To offer more sustainable packaging options, UK paper company, James Cropper, has launched a 3D packaging concept made from fully renewable and recyclable wood pulp (cellulose).
Dubbed Colorform, the product is made using thermoforming, a process based on custom-made “moulds” to create the exact shape of packaging that a brand needs.
It begins with selecting a coloured pulp from a customer’s choice of sustainable wood fibres, which is then poured into a mould and carefully heated in stages. The result is a solid shape that matches the customer’s bespoke design.
According to the company, moulded fibre was already used in its packaging products since its launch a century ago. However, its structure was limited to rectangular boxes. Thanks to technological advances, the thermoprocess allows the fibres to be moulded into any shape and has the potential to replace plastic packaging.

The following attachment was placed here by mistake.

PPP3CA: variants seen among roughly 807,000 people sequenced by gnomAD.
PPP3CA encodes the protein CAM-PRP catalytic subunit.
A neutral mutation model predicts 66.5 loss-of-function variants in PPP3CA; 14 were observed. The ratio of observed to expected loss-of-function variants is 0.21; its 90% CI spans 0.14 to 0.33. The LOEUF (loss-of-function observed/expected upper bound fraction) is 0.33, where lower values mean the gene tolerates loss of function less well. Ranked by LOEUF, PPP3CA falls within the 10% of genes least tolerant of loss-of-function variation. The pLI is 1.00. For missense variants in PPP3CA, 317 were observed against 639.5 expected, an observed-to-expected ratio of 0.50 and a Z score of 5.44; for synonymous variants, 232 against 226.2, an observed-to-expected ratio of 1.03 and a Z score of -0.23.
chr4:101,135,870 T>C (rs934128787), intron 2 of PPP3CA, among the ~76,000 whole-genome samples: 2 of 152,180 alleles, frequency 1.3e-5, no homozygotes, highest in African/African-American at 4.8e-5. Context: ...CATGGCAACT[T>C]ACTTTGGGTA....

As a demonstration of Colorform’s capability, the company designed a Kiss package that takes the shape of lips with contrasting outer and inner colourways.
The company said the product could be made using any colour and shape. In addition, the concept is scalable and can accommodate a wide range of cosmetics, from lipsticks to perfumes bottles.
“Everything created for our customers is bespoke and therefore unique; imagination is the only limit,” shares Chris Schofield, head of design at Colorform.
He added that the company use renewable energy and natural wood fibres from sustainably managed forests and upcycled fibres from its own fibre plant.
“Market-leading design and sustainability do not need to be mutually exclusive when it comes to packaging. Packaging now needs to be both environmentally friendly and beautiful: and it can be,” Schofield concluded.